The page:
Judy Murray's vision for women's sport: 'It's the newbies we need to serve - you cannot assume people know scoring systems or the players'

Judy Murray
Dina Asher-Smith, Steph Houghton and Helen Housby all have a big summer of sport ahead - Getty Images

This summer’s sporting action offers a huge opportunity to reach out and inspire people who do not normally watch sport. Yes, we will always have a captive audience of well-informed sports fans. But it is the people whom traditional men’s events do not reach that I want to talk about. Newspaper sports pages are an essential part of the business, but I have always wanted to see sportswomen promoted in different ways, through women’s magazines and lifestyle pages as well. That is a fresh demographic and a whole new audience.

Sport needs to meet entertainment more than it ever used to. You cannot assume that people understand scoring systems or even recognise the players. We need to be thinking of the first-time visitors, to help them to get more from their visit.

Take the big screens: why not use them more proactively before the start of play? Alongside “No flash photography”, and “Turn phones off”, how about “Here’s how the scoring system works. And a run-down of each of the players”, making sure to show their faces clearly so they can be easily identified.

What about music at the changeovers, or at breaks in play? It is something that the US Open does really well. At Flushing Meadows they have the Kiss Cam, or showing a famous face in the crowd with a caption on the big screen. Many tournaments have added screens on the practice courts too, so that fans can match faces to the names and learn about world rankings and how many tournaments they have won. You cannot expect fans to recognise every player in the singles and doubles draws, so this kind of innovation creates higher profiles for players and more information for fans. Win-win.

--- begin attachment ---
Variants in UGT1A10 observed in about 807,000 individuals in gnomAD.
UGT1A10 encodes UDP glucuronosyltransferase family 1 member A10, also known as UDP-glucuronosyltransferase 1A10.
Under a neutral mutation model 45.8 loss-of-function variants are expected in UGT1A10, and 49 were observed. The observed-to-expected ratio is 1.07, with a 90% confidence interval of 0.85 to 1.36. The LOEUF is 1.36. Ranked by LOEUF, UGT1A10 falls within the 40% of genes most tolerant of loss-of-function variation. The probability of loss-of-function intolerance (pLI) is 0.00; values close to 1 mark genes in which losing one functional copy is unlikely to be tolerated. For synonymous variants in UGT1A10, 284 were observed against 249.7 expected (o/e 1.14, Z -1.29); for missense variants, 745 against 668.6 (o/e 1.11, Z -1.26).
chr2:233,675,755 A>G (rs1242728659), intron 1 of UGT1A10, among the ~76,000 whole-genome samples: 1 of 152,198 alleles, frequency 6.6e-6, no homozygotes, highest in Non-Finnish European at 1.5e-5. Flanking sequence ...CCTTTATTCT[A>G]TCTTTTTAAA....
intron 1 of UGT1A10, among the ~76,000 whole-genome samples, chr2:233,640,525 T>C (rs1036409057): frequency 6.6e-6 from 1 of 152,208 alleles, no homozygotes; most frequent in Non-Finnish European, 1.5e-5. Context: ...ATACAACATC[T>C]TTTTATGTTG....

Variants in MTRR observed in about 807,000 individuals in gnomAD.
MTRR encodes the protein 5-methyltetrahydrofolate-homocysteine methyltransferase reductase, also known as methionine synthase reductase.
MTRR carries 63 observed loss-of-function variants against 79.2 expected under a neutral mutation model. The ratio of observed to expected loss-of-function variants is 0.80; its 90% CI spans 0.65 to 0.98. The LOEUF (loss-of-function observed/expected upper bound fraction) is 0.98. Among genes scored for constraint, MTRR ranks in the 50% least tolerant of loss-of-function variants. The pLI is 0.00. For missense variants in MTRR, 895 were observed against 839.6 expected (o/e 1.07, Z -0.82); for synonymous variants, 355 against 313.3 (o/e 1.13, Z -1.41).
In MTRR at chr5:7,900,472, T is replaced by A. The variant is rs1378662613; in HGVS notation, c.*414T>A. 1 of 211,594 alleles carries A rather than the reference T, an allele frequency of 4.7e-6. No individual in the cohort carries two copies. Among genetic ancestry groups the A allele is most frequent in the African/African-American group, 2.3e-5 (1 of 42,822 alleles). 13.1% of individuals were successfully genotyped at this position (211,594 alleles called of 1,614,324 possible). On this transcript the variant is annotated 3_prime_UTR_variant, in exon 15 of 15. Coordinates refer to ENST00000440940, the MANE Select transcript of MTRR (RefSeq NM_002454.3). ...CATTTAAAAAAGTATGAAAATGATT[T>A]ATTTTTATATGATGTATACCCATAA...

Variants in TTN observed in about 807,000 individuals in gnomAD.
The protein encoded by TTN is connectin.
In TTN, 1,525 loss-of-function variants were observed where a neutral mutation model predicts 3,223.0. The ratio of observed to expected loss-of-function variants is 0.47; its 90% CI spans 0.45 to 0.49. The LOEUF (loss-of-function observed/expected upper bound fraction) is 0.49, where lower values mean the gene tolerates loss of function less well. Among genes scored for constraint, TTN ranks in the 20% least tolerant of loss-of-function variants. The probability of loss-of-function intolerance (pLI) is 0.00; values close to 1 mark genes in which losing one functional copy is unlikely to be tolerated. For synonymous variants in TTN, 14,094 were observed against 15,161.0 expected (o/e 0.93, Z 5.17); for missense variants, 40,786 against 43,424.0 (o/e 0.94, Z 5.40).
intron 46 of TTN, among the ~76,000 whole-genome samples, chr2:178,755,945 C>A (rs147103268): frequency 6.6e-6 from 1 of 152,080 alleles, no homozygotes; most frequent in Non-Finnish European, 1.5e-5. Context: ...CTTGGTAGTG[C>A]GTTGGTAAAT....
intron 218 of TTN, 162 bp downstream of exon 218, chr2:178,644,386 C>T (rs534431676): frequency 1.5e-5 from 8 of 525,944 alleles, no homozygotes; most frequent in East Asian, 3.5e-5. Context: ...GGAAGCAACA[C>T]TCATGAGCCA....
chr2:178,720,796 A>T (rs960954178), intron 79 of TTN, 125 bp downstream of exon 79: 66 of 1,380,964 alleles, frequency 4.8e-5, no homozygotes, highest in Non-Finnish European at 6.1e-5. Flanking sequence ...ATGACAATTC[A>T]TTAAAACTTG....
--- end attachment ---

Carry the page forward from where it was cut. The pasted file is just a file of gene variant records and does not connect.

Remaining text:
As a latecomer to many sports, I know how much of a difference it makes when you receive personal guidance from an expert. At Aintree, jockey Katie Walsh took me around the course explaining the race tactics and the challenges of particular fences and bends. Before that I would just have seen the Grand National as a bunch of horses running and jumping, now the sport has a whole new meaning in terms of watchability.

Judy Murray learnt a lot from jockey Katie Walsh when taken around Aintree Credit: Geoff Pugh

Take cricket, which used to be something I watched once in a blue moon on TV before I was lucky enough to have a sit-down at Lord’s with Andy Flower, the former England coach, who talked me through the men’s England-Pakistan international in real time.

The tactics and positioning were fascinating and not something 

I could have worked out for myself as an armchair spectator. How the fielders moved when a left-handed bowler came on to anticipate where the batsman might hit the ball, or why you would change the bowling to disadvantage a particular style of batsman. It made all the difference to my enjoyment of the game.

Armed with my newfound cricketing expertise, I really enjoyed my trip to Lord’s to see the women’s World Cup in 2017. I was invited to one of the hospitality boxes, but I preferred to queue up at the public entrance because 

I wanted to experience being part of the crowd. And I was not disappointed. There were so many families, with their picnics, their banners and their face paint. The ground was full, only the posh members’ section had empty seats.

When I got up to the box, it was full of ex-cricketers who told stories of how they had lacked any kind of recognition or media coverage, never mind technical and financial support. They had struggled to pay for the petrol to get from one match to the next. What a stark contrast to the showpiece final. For them to see how far women’s cricket had come in the last 50 years, finally arriving at this full house at Lord’s, in front of TV cameras and a really vibrant atmosphere was huge.